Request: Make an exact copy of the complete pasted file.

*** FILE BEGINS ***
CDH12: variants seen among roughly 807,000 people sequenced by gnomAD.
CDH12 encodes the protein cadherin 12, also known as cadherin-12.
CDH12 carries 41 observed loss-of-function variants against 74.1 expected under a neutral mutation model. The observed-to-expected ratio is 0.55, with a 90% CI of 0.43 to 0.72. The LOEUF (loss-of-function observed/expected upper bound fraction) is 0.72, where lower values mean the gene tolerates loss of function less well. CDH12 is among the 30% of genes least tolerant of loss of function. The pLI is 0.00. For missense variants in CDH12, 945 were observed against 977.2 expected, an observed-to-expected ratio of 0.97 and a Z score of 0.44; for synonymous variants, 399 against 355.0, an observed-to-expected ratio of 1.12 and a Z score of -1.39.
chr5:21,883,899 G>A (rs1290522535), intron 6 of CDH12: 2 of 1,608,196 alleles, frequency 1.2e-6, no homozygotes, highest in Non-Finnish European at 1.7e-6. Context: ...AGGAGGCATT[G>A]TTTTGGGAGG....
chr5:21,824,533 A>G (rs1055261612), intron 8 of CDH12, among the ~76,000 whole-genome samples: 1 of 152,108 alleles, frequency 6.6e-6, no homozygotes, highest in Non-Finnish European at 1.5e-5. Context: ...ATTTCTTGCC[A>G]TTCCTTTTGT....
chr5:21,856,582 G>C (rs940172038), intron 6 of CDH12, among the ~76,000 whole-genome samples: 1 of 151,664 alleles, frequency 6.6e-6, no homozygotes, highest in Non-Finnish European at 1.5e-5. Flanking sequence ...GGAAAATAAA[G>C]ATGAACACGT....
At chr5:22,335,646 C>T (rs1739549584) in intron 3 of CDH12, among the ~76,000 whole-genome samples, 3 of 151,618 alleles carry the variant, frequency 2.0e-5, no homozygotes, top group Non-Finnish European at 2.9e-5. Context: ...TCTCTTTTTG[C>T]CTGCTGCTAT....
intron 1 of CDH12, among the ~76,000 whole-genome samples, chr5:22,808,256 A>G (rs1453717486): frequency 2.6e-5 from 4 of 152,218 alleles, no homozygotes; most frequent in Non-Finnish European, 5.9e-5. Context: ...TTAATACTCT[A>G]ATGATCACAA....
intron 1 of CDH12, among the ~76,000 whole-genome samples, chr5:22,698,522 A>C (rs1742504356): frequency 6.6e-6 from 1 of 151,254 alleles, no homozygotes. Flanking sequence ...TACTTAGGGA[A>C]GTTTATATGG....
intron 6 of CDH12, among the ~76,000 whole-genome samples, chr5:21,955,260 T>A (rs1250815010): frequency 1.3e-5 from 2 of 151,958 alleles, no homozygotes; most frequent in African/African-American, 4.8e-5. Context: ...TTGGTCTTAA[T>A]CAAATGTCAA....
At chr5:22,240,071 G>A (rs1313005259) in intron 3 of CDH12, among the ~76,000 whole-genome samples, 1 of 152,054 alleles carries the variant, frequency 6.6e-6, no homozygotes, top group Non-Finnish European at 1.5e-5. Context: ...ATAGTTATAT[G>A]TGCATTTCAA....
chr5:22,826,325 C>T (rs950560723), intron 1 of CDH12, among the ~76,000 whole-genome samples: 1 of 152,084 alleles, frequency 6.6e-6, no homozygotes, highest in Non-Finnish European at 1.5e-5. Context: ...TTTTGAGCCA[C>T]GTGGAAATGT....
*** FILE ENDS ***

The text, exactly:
CDH12: variants seen among roughly 807,000 people sequenced by gnomAD.
CDH12 encodes the protein cadherin 12, also known as cadherin-12.
CDH12 carries 41 observed loss-of-function variants against 74.1 expected under a neutral mutation model. The observed-to-expected ratio is 0.55, with a 90% CI of 0.43 to 0.72. The LOEUF (loss-of-function observed/expected upper bound fraction) is 0.72, where lower values mean the gene tolerates loss of function less well. CDH12 is among the 30% of genes least tolerant of loss of function. The pLI is 0.00. For missense variants in CDH12, 945 were observed against 977.2 expected, an observed-to-expected ratio of 0.97 and a Z score of 0.44; for synonymous variants, 399 against 355.0, an observed-to-expected ratio of 1.12 and a Z score of -1.39.
chr5:21,883,899 G>A (rs1290522535), intron 6 of CDH12: 2 of 1,608,196 alleles, frequency 1.2e-6, no homozygotes, highest in Non-Finnish European at 1.7e-6. Context: ...AGGAGGCATT[G>A]TTTTGGGAGG....
chr5:21,824,533 A>G (rs1055261612), intron 8 of CDH12, among the ~76,000 whole-genome samples: 1 of 152,108 alleles, frequency 6.6e-6, no homozygotes, highest in Non-Finnish European at 1.5e-5. Context: ...ATTTCTTGCC[A>G]TTCCTTTTGT....
chr5:21,856,582 G>C (rs940172038), intron 6 of CDH12, among the ~76,000 whole-genome samples: 1 of 151,664 alleles, frequency 6.6e-6, no homozygotes, highest in Non-Finnish European at 1.5e-5. Flanking sequence ...GGAAAATAAA[G>C]ATGAACACGT....
At chr5:22,335,646 C>T (rs1739549584) in intron 3 of CDH12, among the ~76,000 whole-genome samples, 3 of 151,618 alleles carry the variant, frequency 2.0e-5, no homozygotes, top group Non-Finnish European at 2.9e-5. Context: ...TCTCTTTTTG[C>T]CTGCTGCTAT....
intron 1 of CDH12, among the ~76,000 whole-genome samples, chr5:22,808,256 A>G (rs1453717486): frequency 2.6e-5 from 4 of 152,218 alleles, no homozygotes; most frequent in Non-Finnish European, 5.9e-5. Context: ...TTAATACTCT[A>G]ATGATCACAA....
intron 1 of CDH12, among the ~76,000 whole-genome samples, chr5:22,698,522 A>C (rs1742504356): frequency 6.6e-6 from 1 of 151,254 alleles, no homozygotes. Flanking sequence ...TACTTAGGGA[A>C]GTTTATATGG....
intron 6 of CDH12, among the ~76,000 whole-genome samples, chr5:21,955,260 T>A (rs1250815010): frequency 1.3e-5 from 2 of 151,958 alleles, no homozygotes; most frequent in African/African-American, 4.8e-5. Context: ...TTGGTCTTAA[T>A]CAAATGTCAA....
At chr5:22,240,071 G>A (rs1313005259) in intron 3 of CDH12, among the ~76,000 whole-genome samples, 1 of 152,054 alleles carries the variant, frequency 6.6e-6, no homozygotes, top group Non-Finnish European at 1.5e-5. Context: ...ATAGTTATAT[G>A]TGCATTTCAA....
chr5:22,826,325 C>T (rs950560723), intron 1 of CDH12, among the ~76,000 whole-genome samples: 1 of 152,084 alleles, frequency 6.6e-6, no homozygotes, highest in Non-Finnish European at 1.5e-5. Context: ...TTTTGAGCCA[C>T]GTGGAAATGT....